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Eur. J. Entomol. 2004, 101(3): 433437
The roles of insect cocoons in cold conditions
The cocoons characteristic of the prepupal and pupal stages of many insects vary widely in size, durability, structure, shape and colour, as well as in other features such as orientation and attachment to the substrate. In some species they vary seasonally. Most cocoons provide little direct insulation, although they may reduce the rate at which temperature changes, but many provide the mechanical protection required for overwintering beneath insulating substrates such as soil and snow. The cocoons of some terrestrial species prevent inoculative freezing by isolating the integument from ice crystals on the cocoon surface or its surroundings. In some aquatic species, cocoons appear to limit damage by providing mechanical protection during the freezing of surrounding water. Some cocoons help in the acquisition of solar heat: dark structures are especially effective because dark pigments absorb heat, and surrounding layers trap this heat. Insects are immobilized when it is cold and so cannot move in response to environmental threats, and protective cocoons made for winter tend to be more robust than their summer counterparts. Such cocoons protect against abrasion of the waterproof layer of the cuticle. In some species, robust cocoons or complex structures impede natural enemies. Cocoon silk has anti-bacterial and anti-fungal actions. Other cocoons are more or less waterproof. These and other features withstand simultaneous constraints in addition to cold. Therefore, cocoons enhance survival during cold conditions in many species. However, this conclusion is based on fragmentary evidence, and there has been relatively little explicit examination of the roles of cocoons during winter. Therefore, specific work is required to assess resistance to or enhancement of inoculative freezing, resistance to penetration by natural enemies and water, the roles of particular cocoon silks and silk constituents, and the quantitative contributions of cocoons to winter survival in nature.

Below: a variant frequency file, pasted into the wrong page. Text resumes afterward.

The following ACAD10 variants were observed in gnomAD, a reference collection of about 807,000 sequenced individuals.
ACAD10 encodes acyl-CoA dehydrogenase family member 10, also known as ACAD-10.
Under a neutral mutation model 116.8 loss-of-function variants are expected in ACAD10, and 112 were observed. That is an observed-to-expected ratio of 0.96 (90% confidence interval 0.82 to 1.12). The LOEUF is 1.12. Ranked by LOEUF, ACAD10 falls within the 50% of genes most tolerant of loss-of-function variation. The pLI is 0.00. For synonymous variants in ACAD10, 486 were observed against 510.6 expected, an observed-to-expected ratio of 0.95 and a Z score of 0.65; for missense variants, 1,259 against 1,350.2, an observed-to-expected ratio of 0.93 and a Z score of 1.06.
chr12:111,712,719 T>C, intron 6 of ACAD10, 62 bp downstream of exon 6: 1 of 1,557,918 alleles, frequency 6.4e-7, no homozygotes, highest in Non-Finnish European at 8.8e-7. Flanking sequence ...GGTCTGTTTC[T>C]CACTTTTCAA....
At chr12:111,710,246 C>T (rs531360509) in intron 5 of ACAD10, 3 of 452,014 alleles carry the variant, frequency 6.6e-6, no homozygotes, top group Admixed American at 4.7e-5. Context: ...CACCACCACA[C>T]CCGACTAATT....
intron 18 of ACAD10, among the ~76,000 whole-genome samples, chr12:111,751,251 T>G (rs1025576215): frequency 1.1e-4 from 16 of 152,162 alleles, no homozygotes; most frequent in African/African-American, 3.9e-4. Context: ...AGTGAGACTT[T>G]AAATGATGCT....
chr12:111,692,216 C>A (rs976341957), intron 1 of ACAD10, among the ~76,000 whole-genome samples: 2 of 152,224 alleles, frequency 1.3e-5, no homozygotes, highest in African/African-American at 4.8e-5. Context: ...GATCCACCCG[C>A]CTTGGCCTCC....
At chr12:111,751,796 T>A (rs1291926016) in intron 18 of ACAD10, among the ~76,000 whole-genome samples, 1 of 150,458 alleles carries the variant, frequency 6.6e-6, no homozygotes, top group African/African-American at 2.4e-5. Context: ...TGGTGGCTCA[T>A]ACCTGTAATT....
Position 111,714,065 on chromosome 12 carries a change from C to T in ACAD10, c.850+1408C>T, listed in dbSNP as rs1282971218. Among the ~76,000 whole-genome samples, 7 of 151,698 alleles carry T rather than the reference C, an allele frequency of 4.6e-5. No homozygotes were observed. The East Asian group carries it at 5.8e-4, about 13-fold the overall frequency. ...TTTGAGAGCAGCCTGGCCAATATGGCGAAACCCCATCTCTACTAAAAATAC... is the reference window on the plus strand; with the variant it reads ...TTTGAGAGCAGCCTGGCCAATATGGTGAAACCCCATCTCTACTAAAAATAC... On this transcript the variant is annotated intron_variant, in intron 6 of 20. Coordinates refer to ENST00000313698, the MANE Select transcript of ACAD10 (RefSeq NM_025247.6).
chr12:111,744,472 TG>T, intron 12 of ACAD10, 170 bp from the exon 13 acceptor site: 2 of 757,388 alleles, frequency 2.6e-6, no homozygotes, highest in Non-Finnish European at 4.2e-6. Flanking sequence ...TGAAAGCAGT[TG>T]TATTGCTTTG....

AddressBiological Survey of Canada (Terrestrial Arthropods), Canadian Museum of Nature, P.O. Box 3443, Station "D",
Ottawa, ON K1P 6P4, Canada; e-mail: firstname.lastname@example.org
KeywordsCocoons, cold, freezing, silk, ice, heat gain